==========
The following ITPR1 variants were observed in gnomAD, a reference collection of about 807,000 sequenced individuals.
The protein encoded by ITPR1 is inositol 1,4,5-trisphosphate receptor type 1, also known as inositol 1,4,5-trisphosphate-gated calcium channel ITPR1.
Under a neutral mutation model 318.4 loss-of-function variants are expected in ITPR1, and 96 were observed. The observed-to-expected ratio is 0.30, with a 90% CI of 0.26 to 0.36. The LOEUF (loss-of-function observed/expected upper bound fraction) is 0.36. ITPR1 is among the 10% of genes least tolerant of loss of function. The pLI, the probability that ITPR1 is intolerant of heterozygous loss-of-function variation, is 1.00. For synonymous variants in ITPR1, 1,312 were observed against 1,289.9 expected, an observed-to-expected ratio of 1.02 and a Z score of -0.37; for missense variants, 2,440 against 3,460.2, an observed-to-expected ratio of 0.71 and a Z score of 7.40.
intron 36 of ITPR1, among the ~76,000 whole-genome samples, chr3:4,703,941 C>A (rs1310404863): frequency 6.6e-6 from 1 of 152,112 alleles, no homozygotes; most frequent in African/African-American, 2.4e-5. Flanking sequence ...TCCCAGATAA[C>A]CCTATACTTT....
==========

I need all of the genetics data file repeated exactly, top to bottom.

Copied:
The following ITPR1 variants were observed in gnomAD, a reference collection of about 807,000 sequenced individuals.
The protein encoded by ITPR1 is inositol 1,4,5-trisphosphate receptor type 1, also known as inositol 1,4,5-trisphosphate-gated calcium channel ITPR1.
Under a neutral mutation model 318.4 loss-of-function variants are expected in ITPR1, and 96 were observed. The observed-to-expected ratio is 0.30, with a 90% CI of 0.26 to 0.36. The LOEUF (loss-of-function observed/expected upper bound fraction) is 0.36. ITPR1 is among the 10% of genes least tolerant of loss of function. The pLI, the probability that ITPR1 is intolerant of heterozygous loss-of-function variation, is 1.00. For synonymous variants in ITPR1, 1,312 were observed against 1,289.9 expected, an observed-to-expected ratio of 1.02 and a Z score of -0.37; for missense variants, 2,440 against 3,460.2, an observed-to-expected ratio of 0.71 and a Z score of 7.40.
intron 36 of ITPR1, among the ~76,000 whole-genome samples, chr3:4,703,941 C>A (rs1310404863): frequency 6.6e-6 from 1 of 152,112 alleles, no homozygotes; most frequent in African/African-American, 2.4e-5. Flanking sequence ...TCCCAGATAA[C>A]CCTATACTTT....